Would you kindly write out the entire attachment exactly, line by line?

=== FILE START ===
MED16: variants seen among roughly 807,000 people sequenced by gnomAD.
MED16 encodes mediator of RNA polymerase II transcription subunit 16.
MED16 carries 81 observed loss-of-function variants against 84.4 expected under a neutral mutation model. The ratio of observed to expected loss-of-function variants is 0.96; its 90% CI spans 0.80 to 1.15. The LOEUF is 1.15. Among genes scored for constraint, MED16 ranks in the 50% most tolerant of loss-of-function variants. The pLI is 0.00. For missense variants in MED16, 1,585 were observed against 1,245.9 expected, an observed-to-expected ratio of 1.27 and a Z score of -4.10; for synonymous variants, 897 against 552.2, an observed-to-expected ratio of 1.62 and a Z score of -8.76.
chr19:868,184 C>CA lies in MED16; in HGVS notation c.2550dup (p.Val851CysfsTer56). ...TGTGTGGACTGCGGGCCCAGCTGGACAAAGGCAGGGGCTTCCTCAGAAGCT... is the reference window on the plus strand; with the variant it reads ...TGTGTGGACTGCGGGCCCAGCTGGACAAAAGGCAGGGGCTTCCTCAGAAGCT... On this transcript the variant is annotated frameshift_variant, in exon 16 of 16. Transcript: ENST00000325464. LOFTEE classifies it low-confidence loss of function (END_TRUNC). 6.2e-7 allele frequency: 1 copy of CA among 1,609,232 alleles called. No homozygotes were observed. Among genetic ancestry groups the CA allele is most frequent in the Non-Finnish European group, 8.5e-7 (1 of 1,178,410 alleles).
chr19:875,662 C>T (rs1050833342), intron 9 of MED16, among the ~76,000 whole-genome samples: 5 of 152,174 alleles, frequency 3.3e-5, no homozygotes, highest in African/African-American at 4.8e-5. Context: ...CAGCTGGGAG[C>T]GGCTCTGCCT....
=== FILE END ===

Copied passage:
MED16: variants seen among roughly 807,000 people sequenced by gnomAD.
MED16 encodes mediator of RNA polymerase II transcription subunit 16.
MED16 carries 81 observed loss-of-function variants against 84.4 expected under a neutral mutation model. The ratio of observed to expected loss-of-function variants is 0.96; its 90% CI spans 0.80 to 1.15. The LOEUF is 1.15. Among genes scored for constraint, MED16 ranks in the 50% most tolerant of loss-of-function variants. The pLI is 0.00. For missense variants in MED16, 1,585 were observed against 1,245.9 expected, an observed-to-expected ratio of 1.27 and a Z score of -4.10; for synonymous variants, 897 against 552.2, an observed-to-expected ratio of 1.62 and a Z score of -8.76.
chr19:868,184 C>CA lies in MED16; in HGVS notation c.2550dup (p.Val851CysfsTer56). ...TGTGTGGACTGCGGGCCCAGCTGGACAAAGGCAGGGGCTTCCTCAGAAGCT... is the reference window on the plus strand; with the variant it reads ...TGTGTGGACTGCGGGCCCAGCTGGACAAAAGGCAGGGGCTTCCTCAGAAGCT... On this transcript the variant is annotated frameshift_variant, in exon 16 of 16. Transcript: ENST00000325464. LOFTEE classifies it low-confidence loss of function (END_TRUNC). 6.2e-7 allele frequency: 1 copy of CA among 1,609,232 alleles called. No homozygotes were observed. Among genetic ancestry groups the CA allele is most frequent in the Non-Finnish European group, 8.5e-7 (1 of 1,178,410 alleles).
chr19:875,662 C>T (rs1050833342), intron 9 of MED16, among the ~76,000 whole-genome samples: 5 of 152,174 alleles, frequency 3.3e-5, no homozygotes, highest in African/African-American at 4.8e-5. Context: ...CAGCTGGGAG[C>T]GGCTCTGCCT....